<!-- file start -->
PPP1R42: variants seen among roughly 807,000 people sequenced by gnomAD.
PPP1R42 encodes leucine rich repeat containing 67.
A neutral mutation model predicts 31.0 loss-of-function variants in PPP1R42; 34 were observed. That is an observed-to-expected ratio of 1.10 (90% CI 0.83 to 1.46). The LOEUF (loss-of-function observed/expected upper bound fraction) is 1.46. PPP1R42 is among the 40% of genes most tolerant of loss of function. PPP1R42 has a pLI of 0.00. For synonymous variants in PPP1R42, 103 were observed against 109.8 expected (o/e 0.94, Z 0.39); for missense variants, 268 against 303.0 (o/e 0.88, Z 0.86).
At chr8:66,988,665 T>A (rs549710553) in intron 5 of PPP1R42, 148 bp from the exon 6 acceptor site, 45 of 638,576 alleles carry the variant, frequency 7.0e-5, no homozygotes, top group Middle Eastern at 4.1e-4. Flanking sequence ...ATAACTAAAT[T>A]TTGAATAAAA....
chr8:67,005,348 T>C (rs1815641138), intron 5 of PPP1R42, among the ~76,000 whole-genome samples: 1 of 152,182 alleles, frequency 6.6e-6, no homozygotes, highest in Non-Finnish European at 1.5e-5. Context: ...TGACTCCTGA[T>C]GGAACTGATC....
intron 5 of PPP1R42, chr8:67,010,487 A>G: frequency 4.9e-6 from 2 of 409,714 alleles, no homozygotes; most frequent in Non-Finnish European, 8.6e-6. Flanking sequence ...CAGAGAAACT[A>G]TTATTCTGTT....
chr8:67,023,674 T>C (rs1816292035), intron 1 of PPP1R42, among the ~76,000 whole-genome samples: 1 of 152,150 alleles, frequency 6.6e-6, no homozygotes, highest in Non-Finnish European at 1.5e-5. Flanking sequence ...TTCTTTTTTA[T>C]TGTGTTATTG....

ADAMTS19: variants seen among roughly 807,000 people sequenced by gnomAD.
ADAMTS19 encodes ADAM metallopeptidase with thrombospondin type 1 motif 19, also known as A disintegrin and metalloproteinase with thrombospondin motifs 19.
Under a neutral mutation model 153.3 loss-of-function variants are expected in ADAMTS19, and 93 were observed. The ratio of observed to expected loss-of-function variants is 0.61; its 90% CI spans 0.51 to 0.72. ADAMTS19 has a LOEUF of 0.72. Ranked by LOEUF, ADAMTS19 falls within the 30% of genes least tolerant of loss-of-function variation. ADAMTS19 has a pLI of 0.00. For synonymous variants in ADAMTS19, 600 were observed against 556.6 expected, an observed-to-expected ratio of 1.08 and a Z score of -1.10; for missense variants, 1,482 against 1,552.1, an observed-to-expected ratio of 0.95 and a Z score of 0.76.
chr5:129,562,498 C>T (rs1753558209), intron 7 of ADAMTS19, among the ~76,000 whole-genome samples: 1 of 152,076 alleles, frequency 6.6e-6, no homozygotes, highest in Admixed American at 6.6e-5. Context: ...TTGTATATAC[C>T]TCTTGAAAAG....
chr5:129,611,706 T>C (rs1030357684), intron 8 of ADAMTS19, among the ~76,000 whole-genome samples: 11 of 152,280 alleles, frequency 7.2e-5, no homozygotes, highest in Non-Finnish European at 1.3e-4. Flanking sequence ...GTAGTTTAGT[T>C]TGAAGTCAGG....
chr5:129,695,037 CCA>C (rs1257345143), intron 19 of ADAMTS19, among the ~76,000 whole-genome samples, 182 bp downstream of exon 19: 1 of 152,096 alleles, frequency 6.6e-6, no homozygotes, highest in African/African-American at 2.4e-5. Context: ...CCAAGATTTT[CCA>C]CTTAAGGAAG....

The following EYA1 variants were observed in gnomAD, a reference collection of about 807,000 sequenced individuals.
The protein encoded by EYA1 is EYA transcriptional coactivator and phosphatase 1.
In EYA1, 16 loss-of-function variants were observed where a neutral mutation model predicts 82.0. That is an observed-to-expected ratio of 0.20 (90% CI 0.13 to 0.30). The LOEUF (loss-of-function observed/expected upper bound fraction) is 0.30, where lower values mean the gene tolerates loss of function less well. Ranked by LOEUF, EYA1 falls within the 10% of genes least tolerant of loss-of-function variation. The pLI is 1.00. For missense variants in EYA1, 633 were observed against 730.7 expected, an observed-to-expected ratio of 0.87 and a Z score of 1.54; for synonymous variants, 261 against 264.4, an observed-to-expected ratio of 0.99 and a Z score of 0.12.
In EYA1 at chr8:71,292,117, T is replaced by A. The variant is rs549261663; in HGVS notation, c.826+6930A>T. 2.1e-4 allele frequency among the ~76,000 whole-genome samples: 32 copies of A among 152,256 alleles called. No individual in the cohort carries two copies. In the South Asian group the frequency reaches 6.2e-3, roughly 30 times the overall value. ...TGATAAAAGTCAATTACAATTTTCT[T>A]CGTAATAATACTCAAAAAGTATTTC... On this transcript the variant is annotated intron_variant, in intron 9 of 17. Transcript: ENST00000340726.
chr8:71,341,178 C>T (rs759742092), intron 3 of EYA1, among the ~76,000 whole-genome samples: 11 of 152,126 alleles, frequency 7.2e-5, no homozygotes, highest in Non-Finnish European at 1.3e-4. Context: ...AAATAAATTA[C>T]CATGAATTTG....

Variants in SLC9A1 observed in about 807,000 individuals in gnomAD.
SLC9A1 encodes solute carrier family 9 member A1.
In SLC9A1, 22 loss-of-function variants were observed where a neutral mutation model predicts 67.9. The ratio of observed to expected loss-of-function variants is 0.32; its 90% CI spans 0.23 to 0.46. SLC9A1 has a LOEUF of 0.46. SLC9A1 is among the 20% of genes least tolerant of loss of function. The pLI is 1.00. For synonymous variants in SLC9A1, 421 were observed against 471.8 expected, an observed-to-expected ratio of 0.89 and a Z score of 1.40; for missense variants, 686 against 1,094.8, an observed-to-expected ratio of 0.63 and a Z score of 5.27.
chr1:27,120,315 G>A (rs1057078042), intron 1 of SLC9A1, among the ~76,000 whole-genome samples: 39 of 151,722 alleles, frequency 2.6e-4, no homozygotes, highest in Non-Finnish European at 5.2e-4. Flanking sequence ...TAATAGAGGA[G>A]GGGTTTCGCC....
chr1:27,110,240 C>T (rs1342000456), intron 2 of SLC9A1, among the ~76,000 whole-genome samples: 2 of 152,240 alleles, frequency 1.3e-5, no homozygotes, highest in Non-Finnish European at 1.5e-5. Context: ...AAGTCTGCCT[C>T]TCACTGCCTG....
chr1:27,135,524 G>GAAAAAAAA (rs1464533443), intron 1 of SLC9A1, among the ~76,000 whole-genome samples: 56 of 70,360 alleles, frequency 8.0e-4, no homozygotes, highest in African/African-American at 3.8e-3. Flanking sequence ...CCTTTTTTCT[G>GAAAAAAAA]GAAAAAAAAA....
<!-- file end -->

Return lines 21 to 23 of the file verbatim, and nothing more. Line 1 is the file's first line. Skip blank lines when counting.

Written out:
In SLC9A1, 22 loss-of-function variants were observed where a neutral mutation model predicts 67.9. The ratio of observed to expected loss-of-function variants is 0.32; its 90% CI spans 0.23 to 0.46. SLC9A1 has a LOEUF of 0.46. SLC9A1 is among the 20% of genes least tolerant of loss of function. The pLI is 1.00. For synonymous variants in SLC9A1, 421 were observed against 471.8 expected, an observed-to-expected ratio of 0.89 and a Z score of 1.40; for missense variants, 686 against 1,094.8, an observed-to-expected ratio of 0.63 and a Z score of 5.27.
chr1:27,120,315 G>A (rs1057078042), intron 1 of SLC9A1, among the ~76,000 whole-genome samples: 39 of 151,722 alleles, frequency 2.6e-4, no homozygotes, highest in Non-Finnish European at 5.2e-4. Flanking sequence ...TAATAGAGGA[G>A]GGGTTTCGCC....
chr1:27,110,240 C>T (rs1342000456), intron 2 of SLC9A1, among the ~76,000 whole-genome samples: 2 of 152,240 alleles, frequency 1.3e-5, no homozygotes, highest in Non-Finnish European at 1.5e-5. Context: ...AAGTCTGCCT[C>T]TCACTGCCTG....